I am extremely reluctant to link to this news story from PBS Newshour. I do not like to post material for class that I'm not thrilled with since I do not like to write lengthy explanations of the material. However, I am trying to do two things in this semester. First, I want to use more video/news in class to illustrate examples. This was a request made last semester in the course evaluations and I think it makes a certain amount of sense. Second, I am trying to make more current event material available in general because 1. It justifies my lectures and 2. I think it's useful in helping you learn the material. Structural vs cyclical unemployment isn't the kind of story to show up very often in an accessible format, so I am stuck with what I have been given.
Anyway, this video comes by way of Mike Konzcal's excellent blog: Rortybomb:
Okay, so, I feel like a major problem with this piece is that it clearly has made up it's mind that the unemployment problem is structural. I can see why. The structural story lends itself to TV journalism nicely. They can go to a couple of locations, interview a couple of managers or owners complaining about the lack of qualified workers and call it a day. But it's important to bear in mind that they are presenting mostly anecdotal evidence. Konzcal, who appears in the story, doesn't get a lot of screen time but he does pose an important counter to the structural story. As he points out, for the structural story to make sense, you would expect to see unfilled job openings and wages increase. Neither of which shows up in the aggregate data.
As i said in class I am agnostic on the structural vs cyclical unemployment debate, though I find a lot more to disagree with in the structural position than with arguments for cyclical unemployment. For instance, the structural story is often told about construction and manufacturing. However, I feel that if you want to talk about low skilled labor you also have to talk about retail and food service and other sectors that have been on the rise and are also sectors that employ a lot of low skilled workers. So, lets look at a broader measure of unskilled workers. Here is a chart that shows the cumulative change from 1980-2012 in employment across four low skill sectors: leisure and hospitality, retail, manufacturing and construction.
I should point out that this is a very rough estimate of the impact of employment changes for "low skill" workers. Not everyone who works in these industries can be called low skilled. Anyway, another way to make the point the graph is making is to point out that since 1980 hospitality and retail have added around 11.2 million jobs while manufacturing and construction have lost only 6.4 million jobs. That total, since its from last month (Jan 2012) is actually kind of distorted since all four sectors have been shedding jobs since the recession. Before the recession (roughly), from Jan 1980 to Jan 2008 10 million "low skill" jobs had been added. For the structural story to stick then, you have to to assume we have "reverted to trend" and that around 5 million jobs were not "real" jobs.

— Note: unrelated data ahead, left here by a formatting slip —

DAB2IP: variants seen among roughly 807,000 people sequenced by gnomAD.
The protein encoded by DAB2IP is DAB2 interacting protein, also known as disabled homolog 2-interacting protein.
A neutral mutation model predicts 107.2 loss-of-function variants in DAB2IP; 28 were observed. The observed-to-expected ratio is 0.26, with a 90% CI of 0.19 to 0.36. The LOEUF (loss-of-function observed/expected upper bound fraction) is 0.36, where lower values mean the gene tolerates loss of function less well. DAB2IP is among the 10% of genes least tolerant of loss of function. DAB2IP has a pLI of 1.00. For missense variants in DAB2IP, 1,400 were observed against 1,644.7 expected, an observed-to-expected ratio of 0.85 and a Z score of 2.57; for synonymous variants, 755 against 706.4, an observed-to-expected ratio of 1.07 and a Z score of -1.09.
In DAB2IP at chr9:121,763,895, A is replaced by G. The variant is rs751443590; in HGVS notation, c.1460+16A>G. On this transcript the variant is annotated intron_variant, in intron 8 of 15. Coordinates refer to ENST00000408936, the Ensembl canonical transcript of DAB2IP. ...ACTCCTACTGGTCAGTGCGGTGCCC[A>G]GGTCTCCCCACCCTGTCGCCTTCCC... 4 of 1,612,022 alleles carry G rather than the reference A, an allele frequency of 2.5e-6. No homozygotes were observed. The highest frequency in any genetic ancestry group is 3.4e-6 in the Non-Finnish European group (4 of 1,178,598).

Anyway, the point is, in order to tell the story of structural unemployment for low skill workers you have to be able to incorporate the increase in employment in other low skill sectors that are growing. I have not seen a lot of arguments for structural unemployment that have actually looked at the long run trend in different jobs of different skill level. So, lets compare job growth in these "low skill" sectors with job growth in "high skill sectors". Our proxy for high skill will be professional and business services and education and health services.
Here we see much more growth in "high skill" jobs than in "low skill" jobs. Another way to put this is that total nonfarm employment has grown by 135% since 1980. In the high skill industries in the above graph employment grew 85% and in the low skill industries employment only grew by 12% (in 2008 it had grown by 23%). I want to point out that nothing about that graph suggests that the collapse in jobs created for unskilled workers is structural. It could very easily be due to the fact that housing is going through a cyclical downturn while the rest of the low skilled service industry is experiencing the same stagnation you see even in the high skilled industries. This is easily attributable to normal business cycle dynamics.
However, if you wanted to read that graph as a story of structural unemployment then you can tell the story of how the growth of "skilled" employment has slowed down since the salad days of the 1990s but it continues to grow and has recovered more or less to its trend. Unskilled labor, however, seems to actually have been on a slight downward trend since its less spectacular 1990s. Here we can tell a story of the housing boom (and I guess even the tech boom) "artificially" propping up unskilled employment which has now reverted to its pre-1990 level where it "should" be. Of course, then you have to argue convincingly the definitions of the words in scare quotes.
Anyway, the cyclical vs structural debate tends to run along liberal vs conservative lines. Conservatives tend to want to frame this as a structural employment problem so they have a reason to throw up their hands and say "nothing can be done" from a public policy perspective. Roughly speaking, that seems to be the takeaway of the news report above. However, if the unemployment issue is all about skill levels the ONLY response is a public policy response since the vast majority of the educational system is publicly run. On top of which, the expansion of education would provide more jobs now for all skill levels. We would need to hire low skilled workers to build the buildings to house the high skilled workers who should be training workers for the skills they need for a 21st century economy.